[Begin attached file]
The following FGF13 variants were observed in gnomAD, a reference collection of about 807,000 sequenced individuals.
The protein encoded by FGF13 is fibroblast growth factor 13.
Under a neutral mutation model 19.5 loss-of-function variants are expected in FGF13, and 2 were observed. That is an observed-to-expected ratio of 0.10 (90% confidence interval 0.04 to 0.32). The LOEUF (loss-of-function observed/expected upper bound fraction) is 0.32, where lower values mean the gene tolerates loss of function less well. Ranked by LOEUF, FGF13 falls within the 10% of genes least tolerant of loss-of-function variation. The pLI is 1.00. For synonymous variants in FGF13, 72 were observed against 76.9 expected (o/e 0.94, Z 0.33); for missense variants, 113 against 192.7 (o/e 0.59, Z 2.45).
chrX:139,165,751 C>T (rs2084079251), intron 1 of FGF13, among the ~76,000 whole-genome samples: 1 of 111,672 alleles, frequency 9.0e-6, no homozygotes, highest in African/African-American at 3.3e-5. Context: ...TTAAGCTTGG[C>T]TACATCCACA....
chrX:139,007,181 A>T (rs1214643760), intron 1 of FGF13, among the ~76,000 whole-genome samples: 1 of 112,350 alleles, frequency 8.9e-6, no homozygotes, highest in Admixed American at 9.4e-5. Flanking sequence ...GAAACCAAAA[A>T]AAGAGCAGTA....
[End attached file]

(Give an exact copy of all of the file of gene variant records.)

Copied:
The following FGF13 variants were observed in gnomAD, a reference collection of about 807,000 sequenced individuals.
The protein encoded by FGF13 is fibroblast growth factor 13.
Under a neutral mutation model 19.5 loss-of-function variants are expected in FGF13, and 2 were observed. That is an observed-to-expected ratio of 0.10 (90% confidence interval 0.04 to 0.32). The LOEUF (loss-of-function observed/expected upper bound fraction) is 0.32, where lower values mean the gene tolerates loss of function less well. Ranked by LOEUF, FGF13 falls within the 10% of genes least tolerant of loss-of-function variation. The pLI is 1.00. For synonymous variants in FGF13, 72 were observed against 76.9 expected (o/e 0.94, Z 0.33); for missense variants, 113 against 192.7 (o/e 0.59, Z 2.45).
chrX:139,165,751 C>T (rs2084079251), intron 1 of FGF13, among the ~76,000 whole-genome samples: 1 of 111,672 alleles, frequency 9.0e-6, no homozygotes, highest in African/African-American at 3.3e-5. Context: ...TTAAGCTTGG[C>T]TACATCCACA....
chrX:139,007,181 A>T (rs1214643760), intron 1 of FGF13, among the ~76,000 whole-genome samples: 1 of 112,350 alleles, frequency 8.9e-6, no homozygotes, highest in Admixed American at 9.4e-5. Flanking sequence ...GAAACCAAAA[A>T]AAGAGCAGTA....